“[Jonathan] Swift helped turn my contempt for the foolishness I saw in others into compassion. While contempt leads to the case of isolation, compassion leads to a freedom found only in community…It was so easy to see [foolishness] in others, much harder to recognize it in myself. “Satire is a sort of glass,” Swift said, “wherein beholders do generally discover everybody’s face but their own.” Did I love satire only because in it I saw everyone else but me? Was I as blind to my own faults as Swift showed others to be? It seemed so.” – Karen Swallow Prior

Photo Credit: Facebook, William Curtis

Micro-actions and micro-behaviors…something to consider on a Monday. How can I take a few minutes here and there through the day to encourage or empower a colleague…or stranger, even? What am I communicating when keeping eye contact during a conversation and showing genuine interest in the other person? On the converse, what does my face fixed on my phone or computer screen, or my head down, shooting through the lobby toward my office, say to those we might have greeted but didn’t…discounting them by our behavior?

Thoughts?

How Can You Spot Really Good Leaders? They Practice These Simple 2-Minute Habits DailyMarcel Schwantes

Be a Pal, My Dudes – Erika Hall

#MicroActions on Twitter

#Microbehaviors on Twitter

Hack the Culture with Micro Changes – Marcella Bremer

Micro-actions, Fragmentation, and Influence – Peter Roy – Asian Efficiency Team

What Are Micro-behaviours and How Do They Impact Inclusive Cultures? The Little Things That Make a Big Difference – Caroline Arnold

Micro-Behaviours – What They Are and How They Impact Inclusion – Jan Hills

How Micro-Actions Can Help You Conquer Your Goals – Megan Nye

The Top 6 Micro-Actions for Entrepreneurs

5 Friday Faves – Beyond the Guitar’s “Jenny of Oldstones”, Doing What You Love, Language-Learning for Life, Temple Grandin, and Supplying a Food Desert

Friday Faves on a Monday. Here goes…finally:

1) Beyond the Guitar’s “Jenny of Oldstones”Nathan Mills of Beyond the Guitar has written an arrangement of this heart-wrenching ballad, “Jenny of Oldstones”.  This song performed by Florence + the Machine for the TV show Game of Thrones. Whether or not it has an emotional appeal for you because you are a fan of the show, you will love “all the feels” in Nathan’s classical guitar interpretation of the song.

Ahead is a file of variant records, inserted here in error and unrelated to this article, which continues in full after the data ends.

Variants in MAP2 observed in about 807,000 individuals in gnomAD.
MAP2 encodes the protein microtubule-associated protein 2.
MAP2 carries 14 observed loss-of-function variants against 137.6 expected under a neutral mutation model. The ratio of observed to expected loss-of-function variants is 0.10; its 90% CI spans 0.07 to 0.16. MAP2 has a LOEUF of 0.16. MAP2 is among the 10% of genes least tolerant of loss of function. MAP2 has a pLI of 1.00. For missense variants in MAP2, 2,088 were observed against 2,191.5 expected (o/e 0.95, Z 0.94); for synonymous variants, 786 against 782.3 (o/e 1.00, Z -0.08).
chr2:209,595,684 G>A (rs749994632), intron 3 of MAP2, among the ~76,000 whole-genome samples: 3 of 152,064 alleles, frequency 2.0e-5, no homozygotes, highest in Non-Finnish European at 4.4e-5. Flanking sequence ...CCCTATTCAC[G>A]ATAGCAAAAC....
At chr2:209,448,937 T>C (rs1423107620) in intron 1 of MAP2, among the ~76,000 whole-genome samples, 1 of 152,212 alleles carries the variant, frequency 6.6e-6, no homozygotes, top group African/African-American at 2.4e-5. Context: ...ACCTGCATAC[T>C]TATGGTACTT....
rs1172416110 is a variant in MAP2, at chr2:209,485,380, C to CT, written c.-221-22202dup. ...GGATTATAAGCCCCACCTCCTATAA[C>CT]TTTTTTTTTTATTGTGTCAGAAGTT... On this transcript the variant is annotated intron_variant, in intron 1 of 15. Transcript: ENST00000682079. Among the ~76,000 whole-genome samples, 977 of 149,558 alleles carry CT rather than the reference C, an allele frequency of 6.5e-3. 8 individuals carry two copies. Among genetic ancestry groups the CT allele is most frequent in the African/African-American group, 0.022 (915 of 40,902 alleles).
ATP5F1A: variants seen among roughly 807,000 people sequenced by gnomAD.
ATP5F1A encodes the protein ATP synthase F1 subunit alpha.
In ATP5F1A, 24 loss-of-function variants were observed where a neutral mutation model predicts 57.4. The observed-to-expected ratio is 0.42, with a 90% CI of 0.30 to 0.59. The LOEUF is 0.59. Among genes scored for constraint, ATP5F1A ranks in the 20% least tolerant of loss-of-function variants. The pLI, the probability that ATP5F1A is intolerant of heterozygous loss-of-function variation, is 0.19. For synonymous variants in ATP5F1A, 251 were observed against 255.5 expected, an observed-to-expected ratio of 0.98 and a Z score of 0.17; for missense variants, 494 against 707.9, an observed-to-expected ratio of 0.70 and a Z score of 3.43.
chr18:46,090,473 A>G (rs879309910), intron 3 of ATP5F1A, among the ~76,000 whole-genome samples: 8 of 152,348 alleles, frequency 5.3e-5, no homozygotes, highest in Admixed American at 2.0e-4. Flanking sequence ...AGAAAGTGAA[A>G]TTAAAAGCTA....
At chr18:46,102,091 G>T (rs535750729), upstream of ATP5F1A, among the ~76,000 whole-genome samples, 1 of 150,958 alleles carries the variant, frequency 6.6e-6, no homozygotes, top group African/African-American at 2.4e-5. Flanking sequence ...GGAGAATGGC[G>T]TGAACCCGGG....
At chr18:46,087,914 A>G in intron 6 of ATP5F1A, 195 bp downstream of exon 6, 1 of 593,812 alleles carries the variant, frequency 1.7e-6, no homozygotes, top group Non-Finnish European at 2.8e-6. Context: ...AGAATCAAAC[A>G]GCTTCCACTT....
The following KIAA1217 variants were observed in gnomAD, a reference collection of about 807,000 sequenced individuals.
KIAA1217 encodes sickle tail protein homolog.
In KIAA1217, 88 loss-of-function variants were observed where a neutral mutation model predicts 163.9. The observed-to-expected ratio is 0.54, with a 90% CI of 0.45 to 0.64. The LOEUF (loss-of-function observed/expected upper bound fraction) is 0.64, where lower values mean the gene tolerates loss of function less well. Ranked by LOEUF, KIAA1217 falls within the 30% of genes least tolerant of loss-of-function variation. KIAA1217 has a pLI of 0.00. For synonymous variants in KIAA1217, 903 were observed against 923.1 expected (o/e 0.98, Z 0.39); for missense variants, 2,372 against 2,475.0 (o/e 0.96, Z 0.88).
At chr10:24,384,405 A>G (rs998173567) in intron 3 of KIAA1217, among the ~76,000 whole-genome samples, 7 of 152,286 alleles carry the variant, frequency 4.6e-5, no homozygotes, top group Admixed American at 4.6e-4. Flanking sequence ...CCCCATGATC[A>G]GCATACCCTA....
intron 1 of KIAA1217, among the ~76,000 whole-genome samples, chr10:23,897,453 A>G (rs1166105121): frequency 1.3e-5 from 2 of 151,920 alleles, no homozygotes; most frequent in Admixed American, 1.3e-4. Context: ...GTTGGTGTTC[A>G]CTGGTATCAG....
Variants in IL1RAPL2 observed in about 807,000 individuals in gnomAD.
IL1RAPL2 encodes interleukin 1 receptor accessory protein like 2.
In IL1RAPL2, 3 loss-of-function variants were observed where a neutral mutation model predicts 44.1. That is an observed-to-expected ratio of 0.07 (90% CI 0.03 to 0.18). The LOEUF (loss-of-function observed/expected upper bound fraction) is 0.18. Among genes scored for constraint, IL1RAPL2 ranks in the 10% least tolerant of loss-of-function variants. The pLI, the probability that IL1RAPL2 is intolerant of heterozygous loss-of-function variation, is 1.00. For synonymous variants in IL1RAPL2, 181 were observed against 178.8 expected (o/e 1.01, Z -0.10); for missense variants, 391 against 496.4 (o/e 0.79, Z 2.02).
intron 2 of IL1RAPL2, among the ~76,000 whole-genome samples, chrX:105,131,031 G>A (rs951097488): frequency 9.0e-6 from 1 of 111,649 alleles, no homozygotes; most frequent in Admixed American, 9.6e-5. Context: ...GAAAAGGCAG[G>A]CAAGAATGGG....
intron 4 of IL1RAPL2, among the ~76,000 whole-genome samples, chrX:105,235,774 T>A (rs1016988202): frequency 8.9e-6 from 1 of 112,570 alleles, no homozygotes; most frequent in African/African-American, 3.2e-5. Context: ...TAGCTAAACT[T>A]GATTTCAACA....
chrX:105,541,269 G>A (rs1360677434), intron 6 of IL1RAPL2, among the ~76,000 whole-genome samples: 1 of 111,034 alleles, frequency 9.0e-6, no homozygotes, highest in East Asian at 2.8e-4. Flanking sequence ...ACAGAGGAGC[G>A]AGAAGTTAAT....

2) Doing What You Love Marcel Schwantes, executive coach and a voice for servant leadership, posted, this week, a provocative piece on success. He quoted notables Warren Buffett, Tim Cook, and  Steve Jobs on the one characteristic that sets apart successful people from all others.

“Doing what you love”.

Photo Credit: Flickr

We may all go through seasons where we are working in a job because it is our vehicle for a paycheck, to pay the bills, to support the family. Work we have loved can go through iterations to the point it is no longer that work we are passionate about.

Schwantes himself also supports the core value of love in action. Knowing what you love should be a top priority. If you don’t know what it is you love, then finding out what it is should be your first step. Some people call it passion; others call it purpose. Whichever term you choose, your purpose is exactly what you can’t help but keep doing. Even if there are low monetary rewards, you would probably do it anyway because of your love for it. When you discover what this is for you, it’s the thing that makes you come alive.” Marcel Schwantes

3) Language-Learning for Life – I have a neighbor in her 80s who has recently finished a course to learn Spanish. So proud of her. In university, I minored in Spanish myself. It may very well have kept open some language center in my brain to learn Arabic in my 40s. Seriously, early on in “mastering” this very difficult language, Spanish words and grammar would pop up in my memory even though I hadn’t used Spanish in decades. If you do a Google search of brain benefits of language-learning, you will be amazed.Photo Credit: Pixabay